Not long after first attending Orange Grove Monthly Meeting ten years ago, I joined its Children’s Education Committee. It was a way for me to better know the meeting, but I also had young children who would be in the First Day School and I wanted to have a say in their religious instruction. When the idea of a curriculum in which Bible stories were read to the kids was brought up in a committee meeting, I was adamantly opposed.
After meeting for worship last week, when the clipboard making the rounds looking for volunteers to sign up to teach the children in First Day School reached me, I swung my arms in an exaggerated pantomime of an umpire calling an out. I was still given the clipboard, for that’s the Quaker way, but I didn’t signed it. That’s my way.
The problem is I’m Jewish, not observantly so, not remotely religiously so, but still I bristle at anything Christian. There was a lot of Christianity at the Quaker meeting, or so I thought; in time I realized that, though the spiritual practice comes from a Christian tradition, its un-programmed worship breaks from that lineage to create a wholly new religious society. There were other Jews at the meeting, some observant, there were Buddhists and even atheists, mixed in with the more formal Christian element. This truly was the diverse and openminded contemplative community I had been looking for.
Then the Bible came back, just recently and ironically as I left the Children’s Education Committee to sit in Pastoral Care. This fall’s curriculum is Bible stories, which explains my hyperbolic response to the signup clipboard. While I wasn’t about to deny the group who lobbied for such teachings their chance to expose the children, mine included, to The Bible, I wasn’t going to have anything to do with it.
The First Day School supervisor noted that the children needed my perspective, that I was the perfect choice to lead one of the classes and offer a rebuttal.
First of all, do children ranging in age from toddler to prepubescent even know what a rebuttal is? I’m being serious. This is the root of my argument against the study of The Bible, at least for an immature class. True, I have been dismissive of The Bible in the past. I saw no value in stories that I never for a moment believed came from the mouth of God or should be taken literally. They’re absurd. They contradict themselves. They are from a different time and culture and offer practices that are obsolescent.
Of course, many in meeting would agree with me, but still believe in the truth of The Bible. I’m not arguing with them. There is embedded in these stories wisdom. I see that now. However, whatever one may learn from The Bible takes a level of maturity and experience that our children by very definition of being children are incapable of understanding. They are not equipped at that age to deal with symbolism and nuance. The Bible is not a brunt instrument, though it seems the majority of people who accept it on face value use it as one.
Think about it. The stuff you learned in childhood has a disproportionate power over the way you view the world. A young mind is malleable and what is hammered into it helps define its form. The children who were exposed to The Bible are the adults who are self-righteously denying same-sex marriage licenses. No, not everyone who had a childhood education in The Bible will think of it fundamentally, but it’s hard to break old habits. Why take the risk? The Bible can be taught to adolescents who can spiritually chew on its tough meat with a sense of perspective and intelligence, if any adolescents attended our meeting.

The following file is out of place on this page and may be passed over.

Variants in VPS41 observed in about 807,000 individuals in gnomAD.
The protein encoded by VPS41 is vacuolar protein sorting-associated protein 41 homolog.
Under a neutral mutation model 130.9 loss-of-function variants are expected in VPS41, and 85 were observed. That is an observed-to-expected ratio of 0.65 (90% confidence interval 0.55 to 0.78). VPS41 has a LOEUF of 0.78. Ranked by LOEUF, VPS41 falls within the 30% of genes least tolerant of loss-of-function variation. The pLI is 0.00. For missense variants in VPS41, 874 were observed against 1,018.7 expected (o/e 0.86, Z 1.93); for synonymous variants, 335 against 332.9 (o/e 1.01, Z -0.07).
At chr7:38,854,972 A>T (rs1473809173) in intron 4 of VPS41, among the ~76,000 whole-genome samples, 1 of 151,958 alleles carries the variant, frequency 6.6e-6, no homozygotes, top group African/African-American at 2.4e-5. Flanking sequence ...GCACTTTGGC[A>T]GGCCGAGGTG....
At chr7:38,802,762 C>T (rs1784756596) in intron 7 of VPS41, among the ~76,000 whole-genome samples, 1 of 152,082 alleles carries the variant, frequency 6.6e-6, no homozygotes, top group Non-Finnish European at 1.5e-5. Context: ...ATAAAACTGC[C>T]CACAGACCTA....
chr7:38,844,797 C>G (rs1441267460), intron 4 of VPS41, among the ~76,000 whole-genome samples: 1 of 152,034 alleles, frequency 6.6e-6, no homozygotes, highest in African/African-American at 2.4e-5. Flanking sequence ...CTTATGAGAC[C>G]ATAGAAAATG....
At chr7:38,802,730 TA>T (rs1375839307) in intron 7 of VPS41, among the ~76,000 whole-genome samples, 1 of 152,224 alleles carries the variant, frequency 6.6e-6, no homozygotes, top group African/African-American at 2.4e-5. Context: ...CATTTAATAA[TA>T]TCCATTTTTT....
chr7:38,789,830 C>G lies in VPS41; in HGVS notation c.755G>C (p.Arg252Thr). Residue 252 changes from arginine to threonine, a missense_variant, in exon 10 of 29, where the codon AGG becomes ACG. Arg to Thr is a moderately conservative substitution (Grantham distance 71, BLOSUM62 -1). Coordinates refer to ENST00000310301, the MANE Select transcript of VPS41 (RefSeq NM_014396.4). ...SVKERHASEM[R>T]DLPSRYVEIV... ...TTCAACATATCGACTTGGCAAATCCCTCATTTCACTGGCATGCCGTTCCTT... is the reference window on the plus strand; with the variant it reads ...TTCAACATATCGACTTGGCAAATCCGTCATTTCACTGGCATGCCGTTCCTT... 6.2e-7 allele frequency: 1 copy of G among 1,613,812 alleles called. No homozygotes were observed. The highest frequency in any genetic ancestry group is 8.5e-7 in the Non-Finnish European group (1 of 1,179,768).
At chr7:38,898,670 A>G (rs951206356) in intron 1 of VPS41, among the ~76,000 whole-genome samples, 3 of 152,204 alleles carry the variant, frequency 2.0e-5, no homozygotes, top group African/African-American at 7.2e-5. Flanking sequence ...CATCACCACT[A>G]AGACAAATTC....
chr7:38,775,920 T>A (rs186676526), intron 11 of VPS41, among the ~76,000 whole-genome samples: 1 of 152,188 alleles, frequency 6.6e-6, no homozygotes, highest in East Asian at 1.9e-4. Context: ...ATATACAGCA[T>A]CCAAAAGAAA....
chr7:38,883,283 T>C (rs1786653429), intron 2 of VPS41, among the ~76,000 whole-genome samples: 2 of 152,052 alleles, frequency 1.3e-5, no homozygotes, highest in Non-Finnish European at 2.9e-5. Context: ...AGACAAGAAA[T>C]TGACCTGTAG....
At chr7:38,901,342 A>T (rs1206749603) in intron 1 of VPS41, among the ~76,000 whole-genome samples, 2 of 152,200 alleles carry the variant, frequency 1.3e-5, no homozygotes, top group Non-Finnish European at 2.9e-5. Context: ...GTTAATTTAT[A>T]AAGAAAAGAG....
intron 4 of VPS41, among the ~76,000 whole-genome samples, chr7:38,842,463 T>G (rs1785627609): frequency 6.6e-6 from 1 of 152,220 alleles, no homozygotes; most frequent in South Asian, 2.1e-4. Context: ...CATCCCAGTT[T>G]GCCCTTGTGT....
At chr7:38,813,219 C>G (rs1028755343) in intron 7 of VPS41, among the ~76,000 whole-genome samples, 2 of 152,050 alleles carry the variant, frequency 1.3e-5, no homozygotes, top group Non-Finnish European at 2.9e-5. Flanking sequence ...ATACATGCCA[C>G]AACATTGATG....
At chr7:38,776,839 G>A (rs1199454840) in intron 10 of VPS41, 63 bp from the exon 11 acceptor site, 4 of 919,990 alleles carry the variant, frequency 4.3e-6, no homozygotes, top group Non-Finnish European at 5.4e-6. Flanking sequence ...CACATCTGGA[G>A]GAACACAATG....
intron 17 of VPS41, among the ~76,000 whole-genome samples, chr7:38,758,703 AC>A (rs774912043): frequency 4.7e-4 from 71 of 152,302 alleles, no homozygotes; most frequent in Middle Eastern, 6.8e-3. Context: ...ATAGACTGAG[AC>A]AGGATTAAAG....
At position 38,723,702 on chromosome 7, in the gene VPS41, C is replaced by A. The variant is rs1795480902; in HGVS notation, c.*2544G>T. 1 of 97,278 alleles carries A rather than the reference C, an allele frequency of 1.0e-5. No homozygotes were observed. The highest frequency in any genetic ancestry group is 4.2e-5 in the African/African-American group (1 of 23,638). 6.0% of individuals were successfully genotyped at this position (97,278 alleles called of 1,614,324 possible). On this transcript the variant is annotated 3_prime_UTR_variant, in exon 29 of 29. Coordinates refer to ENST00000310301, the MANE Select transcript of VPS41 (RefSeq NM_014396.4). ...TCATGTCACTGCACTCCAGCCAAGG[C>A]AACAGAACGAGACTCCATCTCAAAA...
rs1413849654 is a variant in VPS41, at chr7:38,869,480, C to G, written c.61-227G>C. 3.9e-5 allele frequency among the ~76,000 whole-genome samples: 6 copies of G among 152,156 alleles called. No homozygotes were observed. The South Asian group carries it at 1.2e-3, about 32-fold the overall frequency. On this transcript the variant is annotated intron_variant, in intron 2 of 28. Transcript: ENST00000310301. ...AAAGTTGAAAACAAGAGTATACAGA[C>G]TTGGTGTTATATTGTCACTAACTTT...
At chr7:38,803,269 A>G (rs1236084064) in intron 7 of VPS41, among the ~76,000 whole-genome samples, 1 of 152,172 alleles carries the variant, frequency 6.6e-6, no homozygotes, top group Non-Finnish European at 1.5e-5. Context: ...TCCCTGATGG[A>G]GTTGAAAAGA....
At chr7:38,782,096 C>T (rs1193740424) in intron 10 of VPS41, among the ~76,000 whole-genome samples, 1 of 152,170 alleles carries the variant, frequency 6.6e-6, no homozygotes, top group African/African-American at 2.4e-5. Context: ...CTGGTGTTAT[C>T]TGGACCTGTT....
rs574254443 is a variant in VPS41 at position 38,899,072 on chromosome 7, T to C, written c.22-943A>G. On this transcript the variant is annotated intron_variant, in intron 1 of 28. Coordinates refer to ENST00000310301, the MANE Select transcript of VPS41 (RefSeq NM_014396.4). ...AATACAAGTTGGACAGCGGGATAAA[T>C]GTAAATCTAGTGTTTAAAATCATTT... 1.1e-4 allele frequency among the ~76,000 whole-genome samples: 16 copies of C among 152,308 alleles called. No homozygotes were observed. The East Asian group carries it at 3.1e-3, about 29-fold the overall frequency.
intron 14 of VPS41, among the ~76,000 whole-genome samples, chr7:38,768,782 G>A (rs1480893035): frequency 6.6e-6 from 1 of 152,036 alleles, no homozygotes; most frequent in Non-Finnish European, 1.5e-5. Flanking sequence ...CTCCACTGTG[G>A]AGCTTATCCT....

Doesn’t that tell you something? When children reach that transitional age they should break free from the constraints of their parents and their parents’ religion to seek out answers for themselves. They’ll come back or they won’t. My oldest son refuses to go with us on Sundays because of what he calls the “religious indoctrination” of Quakerism. I laugh, “You should try out some of the other spiritual practices if you want to learn about indoctrination,” but maybe he’s right. If he had been read Bible stories as a child I doubt he would have grown into an evangelist, but he might, like me, reject the sacred texts of Jews and Christians, mock it as bogus, and hold onto that prejudice his whole life, instead of using his critical thinking to see where there was value and where there was not for him.
These are big ideas, too complex for kids who really just want to eat the snack and get back to the swing set. Maybe formalized instruction of any kind at this young age is counterproductive. I don’t know. But one thing I’m sure of is The Bible is a book that was not written for children. How could I communicate this to a class of children, if I did teach one? How could I say that there are many books of The Bible, all written by men, some of which got edited together and others which were determined not canonical and rejected, again by men? How about translation and how that moving from one language to another creates a subtly different and new material? Do you really think that’ll hold their attention, let alone edify them in any way?
No, I will not teach The Bible to First Day School. If I’m ask, sure, I’ll help, maybe even teach the class, but I won’t read The Bible. I’ll engage the class with that old surrealist game of exquisite corpse, as I’ve done for most of my instructions, and if they want to add Jesus to their drawings that’s okay. After all, he was just a nice Jewish boy.